Essence Isn't a Magazine; It's a Religion

Tamara Jeffries, a former editor at the black women's publication, writes at Poynter that the embattled monthly is more than just pages glued together. It's an institution and a reflection of the African-American female experience.

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Actress Viola Davis with former Essence Editor in Chief Constance White (Frederick M. Brown/Getty Images)

Lots going on at at Essence magazine lately: Its publisher, Time Inc., is being sold, and masthead shake-ups left Editor in Chief Constance White dismissed. In the wake of these events, Tamara Jeffries, another former editor at the publication, weighs in on Poynter, detailing exactly what the publication means to black culture.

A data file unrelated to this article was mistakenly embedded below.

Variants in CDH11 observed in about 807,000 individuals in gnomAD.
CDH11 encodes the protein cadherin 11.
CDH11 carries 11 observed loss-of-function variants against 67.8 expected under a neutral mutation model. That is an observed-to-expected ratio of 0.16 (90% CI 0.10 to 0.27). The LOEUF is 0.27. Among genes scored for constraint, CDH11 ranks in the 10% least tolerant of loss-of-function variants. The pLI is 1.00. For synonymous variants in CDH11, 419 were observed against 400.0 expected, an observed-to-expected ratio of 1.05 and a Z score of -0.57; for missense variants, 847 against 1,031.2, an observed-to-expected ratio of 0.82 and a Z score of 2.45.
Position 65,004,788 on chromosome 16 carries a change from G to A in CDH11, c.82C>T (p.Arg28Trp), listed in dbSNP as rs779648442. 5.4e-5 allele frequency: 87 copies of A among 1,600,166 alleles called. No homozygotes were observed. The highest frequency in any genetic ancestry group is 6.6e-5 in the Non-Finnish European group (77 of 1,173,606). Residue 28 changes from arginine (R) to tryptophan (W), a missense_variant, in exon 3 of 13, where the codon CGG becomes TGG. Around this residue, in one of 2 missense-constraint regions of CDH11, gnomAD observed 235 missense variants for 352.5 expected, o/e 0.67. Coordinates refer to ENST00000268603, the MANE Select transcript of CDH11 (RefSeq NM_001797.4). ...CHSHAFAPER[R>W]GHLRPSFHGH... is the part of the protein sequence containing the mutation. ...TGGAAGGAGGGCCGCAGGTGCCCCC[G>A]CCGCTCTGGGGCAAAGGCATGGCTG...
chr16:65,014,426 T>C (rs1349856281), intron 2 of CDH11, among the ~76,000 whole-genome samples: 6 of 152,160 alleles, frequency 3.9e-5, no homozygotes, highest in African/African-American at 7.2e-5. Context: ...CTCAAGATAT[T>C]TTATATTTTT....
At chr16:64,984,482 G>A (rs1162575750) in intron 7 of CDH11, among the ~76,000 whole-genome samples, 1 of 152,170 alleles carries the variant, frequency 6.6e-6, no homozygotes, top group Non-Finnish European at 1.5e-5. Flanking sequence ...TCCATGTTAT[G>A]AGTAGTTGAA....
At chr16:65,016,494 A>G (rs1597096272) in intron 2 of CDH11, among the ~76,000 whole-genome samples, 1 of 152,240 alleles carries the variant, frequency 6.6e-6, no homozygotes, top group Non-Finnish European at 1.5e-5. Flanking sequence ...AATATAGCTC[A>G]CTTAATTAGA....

And here's the problem: Essence was never a mass product. Essence was a religion. Black women bought it, read it, saved it, shared it. As the first major magazine for women of color, it was the publication its readers had grown up with. It was iconic. They believed in it; it believed in them. Even when (I suspect) people weren't reading it as much, they still subscribed. They didn't want NOT to have it.

To keep Essence essential, Time Inc. or a new parent company will need to understand how to do religion as well as it knows how to do magazines. Yes, the decision-makers could argue that religion is not their job; selling magazines is. But what is that but proselytizing -- bringing new people into the fold and bringing the prodigals back? How do you do that but by appealing to them on a soul level?

So, who can do that best? Meredith certainly knows how to do niche and has a feel for "real people." That's evident in titles like More, attuned to a sophisticated woman over 40; Better Homes and Gardens, a shelter mag that feels like home; and its handful of family and parenting titles. If it can, as it claims, "tap into the special interests of women" like the Essence reader, Meredith might be a good match.

Read Tamara Jeffries' entire piece at Poynter.

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